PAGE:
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  1. #79
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    Aug 2004
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    North Richland Hills, Texas
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    Quote Originally Posted by SolarMike View Post
    Very true, I didn't mention NUC, only because it too has been subsidized up the ying yang.
    While I agree that it is over subsidized, when looked at per megawatt of electricity produced, it gets a very small fraction of what solar and wind get per megawatt.
    http://ktwop.wordpress.com/2011/11/2...ercialisation/


    Even when you factor in decommissioning costs of a nuclear power plant, it has a lower per kwh life cycle cost than every energy source but hydroelectric.
    http://nuclearfissionary.com/2010/04...ind-and-solar/
    If more government is the answer, then it's a really stupid question.

  2. #80
    Join Date
    Aug 2012
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    83
    " How many solar pv companies are out there compared to solar thermal? "

    In Charlotte, NC there are two solar panel manufacturers, Jetion, and some really small company that makes portable solar panels out of plastic. Jetion has been around for a year and just puts the metal frame on the panels, the actual cell/laminates are made in china and shipped to the USA.

    There are several hot water companies, Velux, Solar Hot, and three others, who';s name I forget.

    My guess as to why there are more solar water companies is because it is more economical to install. Basic capitalism at work. while I have not researched how many Pv vs Thermal companies there are, my guess is there are a lot more thermal ones.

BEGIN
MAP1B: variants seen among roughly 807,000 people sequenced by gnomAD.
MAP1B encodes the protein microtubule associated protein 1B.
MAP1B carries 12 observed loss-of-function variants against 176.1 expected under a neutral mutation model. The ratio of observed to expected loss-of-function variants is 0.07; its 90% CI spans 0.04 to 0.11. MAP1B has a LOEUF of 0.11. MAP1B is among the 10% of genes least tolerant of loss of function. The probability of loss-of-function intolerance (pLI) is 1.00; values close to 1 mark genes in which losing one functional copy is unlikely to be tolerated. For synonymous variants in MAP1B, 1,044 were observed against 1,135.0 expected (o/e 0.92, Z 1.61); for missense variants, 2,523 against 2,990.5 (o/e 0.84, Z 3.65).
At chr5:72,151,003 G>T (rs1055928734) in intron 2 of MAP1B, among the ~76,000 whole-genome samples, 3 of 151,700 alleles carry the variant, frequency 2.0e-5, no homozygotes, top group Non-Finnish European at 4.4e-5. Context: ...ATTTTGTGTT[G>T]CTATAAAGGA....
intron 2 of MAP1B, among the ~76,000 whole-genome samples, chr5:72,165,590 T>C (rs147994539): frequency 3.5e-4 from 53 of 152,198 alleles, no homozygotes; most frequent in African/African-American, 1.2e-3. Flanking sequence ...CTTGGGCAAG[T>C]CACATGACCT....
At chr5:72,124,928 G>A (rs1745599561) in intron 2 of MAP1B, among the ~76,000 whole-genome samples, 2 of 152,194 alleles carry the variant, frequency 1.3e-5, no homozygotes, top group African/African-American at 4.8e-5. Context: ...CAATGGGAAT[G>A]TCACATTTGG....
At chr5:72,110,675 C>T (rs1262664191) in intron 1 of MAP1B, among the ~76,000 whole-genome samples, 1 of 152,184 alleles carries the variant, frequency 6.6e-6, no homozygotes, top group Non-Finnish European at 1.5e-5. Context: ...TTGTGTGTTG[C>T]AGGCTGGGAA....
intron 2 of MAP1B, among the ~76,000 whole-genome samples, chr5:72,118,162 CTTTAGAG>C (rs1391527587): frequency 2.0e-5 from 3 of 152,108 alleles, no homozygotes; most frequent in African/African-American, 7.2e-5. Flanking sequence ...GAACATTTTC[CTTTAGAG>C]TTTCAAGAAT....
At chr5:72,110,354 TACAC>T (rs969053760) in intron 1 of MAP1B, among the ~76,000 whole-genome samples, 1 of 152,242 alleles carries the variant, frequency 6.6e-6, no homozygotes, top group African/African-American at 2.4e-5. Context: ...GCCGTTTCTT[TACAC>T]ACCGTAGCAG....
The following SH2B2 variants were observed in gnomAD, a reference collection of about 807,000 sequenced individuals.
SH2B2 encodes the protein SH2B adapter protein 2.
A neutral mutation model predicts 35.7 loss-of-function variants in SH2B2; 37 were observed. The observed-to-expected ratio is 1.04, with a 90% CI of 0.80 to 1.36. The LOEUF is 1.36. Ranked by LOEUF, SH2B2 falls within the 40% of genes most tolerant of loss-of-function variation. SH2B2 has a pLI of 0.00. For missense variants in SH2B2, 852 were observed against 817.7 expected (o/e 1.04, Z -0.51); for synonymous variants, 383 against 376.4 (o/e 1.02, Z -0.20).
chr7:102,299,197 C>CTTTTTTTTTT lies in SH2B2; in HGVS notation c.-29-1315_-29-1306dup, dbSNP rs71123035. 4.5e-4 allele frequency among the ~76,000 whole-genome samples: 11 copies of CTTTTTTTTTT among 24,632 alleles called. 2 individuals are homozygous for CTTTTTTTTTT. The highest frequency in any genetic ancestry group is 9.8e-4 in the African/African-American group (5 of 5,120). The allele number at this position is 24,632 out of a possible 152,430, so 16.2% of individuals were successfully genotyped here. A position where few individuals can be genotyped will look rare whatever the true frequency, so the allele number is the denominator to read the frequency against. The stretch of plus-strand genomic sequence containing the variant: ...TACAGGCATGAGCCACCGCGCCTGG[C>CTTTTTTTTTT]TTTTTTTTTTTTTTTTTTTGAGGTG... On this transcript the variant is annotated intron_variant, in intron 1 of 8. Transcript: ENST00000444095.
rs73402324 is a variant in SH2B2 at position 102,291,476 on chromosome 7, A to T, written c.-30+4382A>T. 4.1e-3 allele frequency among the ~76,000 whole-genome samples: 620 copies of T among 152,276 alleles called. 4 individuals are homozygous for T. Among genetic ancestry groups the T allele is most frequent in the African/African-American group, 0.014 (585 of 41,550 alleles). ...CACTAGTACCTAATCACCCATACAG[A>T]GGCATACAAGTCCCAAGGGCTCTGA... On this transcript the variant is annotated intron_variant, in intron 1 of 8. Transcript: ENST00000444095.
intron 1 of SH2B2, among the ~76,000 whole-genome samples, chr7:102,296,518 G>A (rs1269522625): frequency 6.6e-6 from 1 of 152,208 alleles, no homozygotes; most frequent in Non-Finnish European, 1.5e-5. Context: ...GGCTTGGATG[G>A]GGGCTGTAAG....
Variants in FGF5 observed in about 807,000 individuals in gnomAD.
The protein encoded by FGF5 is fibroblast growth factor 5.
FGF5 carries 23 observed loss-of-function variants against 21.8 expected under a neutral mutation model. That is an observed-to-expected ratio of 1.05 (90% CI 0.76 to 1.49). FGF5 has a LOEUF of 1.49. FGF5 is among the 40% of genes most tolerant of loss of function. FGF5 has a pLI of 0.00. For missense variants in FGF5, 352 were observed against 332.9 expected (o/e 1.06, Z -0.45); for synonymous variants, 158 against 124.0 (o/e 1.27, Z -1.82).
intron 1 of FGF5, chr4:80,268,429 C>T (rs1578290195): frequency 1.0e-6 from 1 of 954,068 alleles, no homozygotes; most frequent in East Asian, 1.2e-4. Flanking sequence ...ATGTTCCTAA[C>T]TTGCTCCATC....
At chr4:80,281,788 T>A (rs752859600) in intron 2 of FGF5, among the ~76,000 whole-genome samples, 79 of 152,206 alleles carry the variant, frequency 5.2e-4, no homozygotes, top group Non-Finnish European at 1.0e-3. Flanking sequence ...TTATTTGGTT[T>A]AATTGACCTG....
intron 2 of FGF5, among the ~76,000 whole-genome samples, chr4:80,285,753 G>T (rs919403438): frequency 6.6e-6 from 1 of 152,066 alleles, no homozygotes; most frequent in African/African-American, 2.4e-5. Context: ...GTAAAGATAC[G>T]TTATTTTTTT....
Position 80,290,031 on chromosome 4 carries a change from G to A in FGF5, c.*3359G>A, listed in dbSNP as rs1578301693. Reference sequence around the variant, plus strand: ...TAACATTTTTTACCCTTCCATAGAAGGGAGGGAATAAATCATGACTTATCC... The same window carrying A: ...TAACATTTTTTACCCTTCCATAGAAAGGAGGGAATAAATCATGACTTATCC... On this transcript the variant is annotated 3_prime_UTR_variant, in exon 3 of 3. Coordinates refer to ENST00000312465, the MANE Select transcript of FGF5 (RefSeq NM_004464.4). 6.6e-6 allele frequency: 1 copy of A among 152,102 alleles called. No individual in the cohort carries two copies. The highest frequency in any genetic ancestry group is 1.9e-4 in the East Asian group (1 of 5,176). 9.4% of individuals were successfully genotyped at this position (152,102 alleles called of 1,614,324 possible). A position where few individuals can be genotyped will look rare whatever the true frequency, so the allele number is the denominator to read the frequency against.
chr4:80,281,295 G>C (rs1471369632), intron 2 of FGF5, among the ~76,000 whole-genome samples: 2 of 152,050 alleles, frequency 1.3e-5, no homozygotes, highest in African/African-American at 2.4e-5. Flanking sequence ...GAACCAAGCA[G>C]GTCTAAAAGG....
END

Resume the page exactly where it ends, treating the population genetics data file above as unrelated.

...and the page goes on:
3. #81
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    Aug 2004
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    North Richland Hills, Texas
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    Quote Originally Posted by newstudent View Post
    So while you can complaint about the government wasting away your grandchildren's money, just know that solar's contribution to that is miniscule.
    Yes, I realize this.
    The list of things the government needs to quit burning our money on is very very long.

    If you were to rechart things to show the dollars spent per unit of energy produced, the charts look very different.
    We spend an absolutely shockingly unjustifiable amount of money per unit of energy produced for wind and solar, with solar being particularly rediculous.

    Keep in mind that no quantity of wind and solar power will reduce the number of regular baseline or peak generation power plants needed.
    If more government is the answer, then it's a really stupid question.

  4. #82
    Join Date
    Dec 2003
    Posts
    2,425
    We should be running toward nuclear power. Holding tight to coal plants. And saying nice things about solar and wind.

  5. #83
    Join Date
    Aug 2012
    Posts
    83
    "unsubsidized PV electricity used for those same uses (which likely doesn't even HAVE a payback)"

    Worst case scenario is that tranditional energy prices do not rise. If that is the case Solar PV UNsubsidized at $2/watt install takes around 14 years in Florida to break even with you doing th e work, if you hire someone unsubsidized it will probably never pay back.

    However energy prices will obviously rise and if they rise enough the pay back might be much faster.

  6. #84
    Join Date
    Aug 2012
    Posts
    83
    "Keep in mind that no quantity of wind and solar power will reduce the number of regular baseline or peak generation power plants needed. "

    You mean in today's economic climate.

    My power company is paying me $5 a month so they can put some silly switch on my AC unit to regulate it so it doesn't come on as much during peak demand.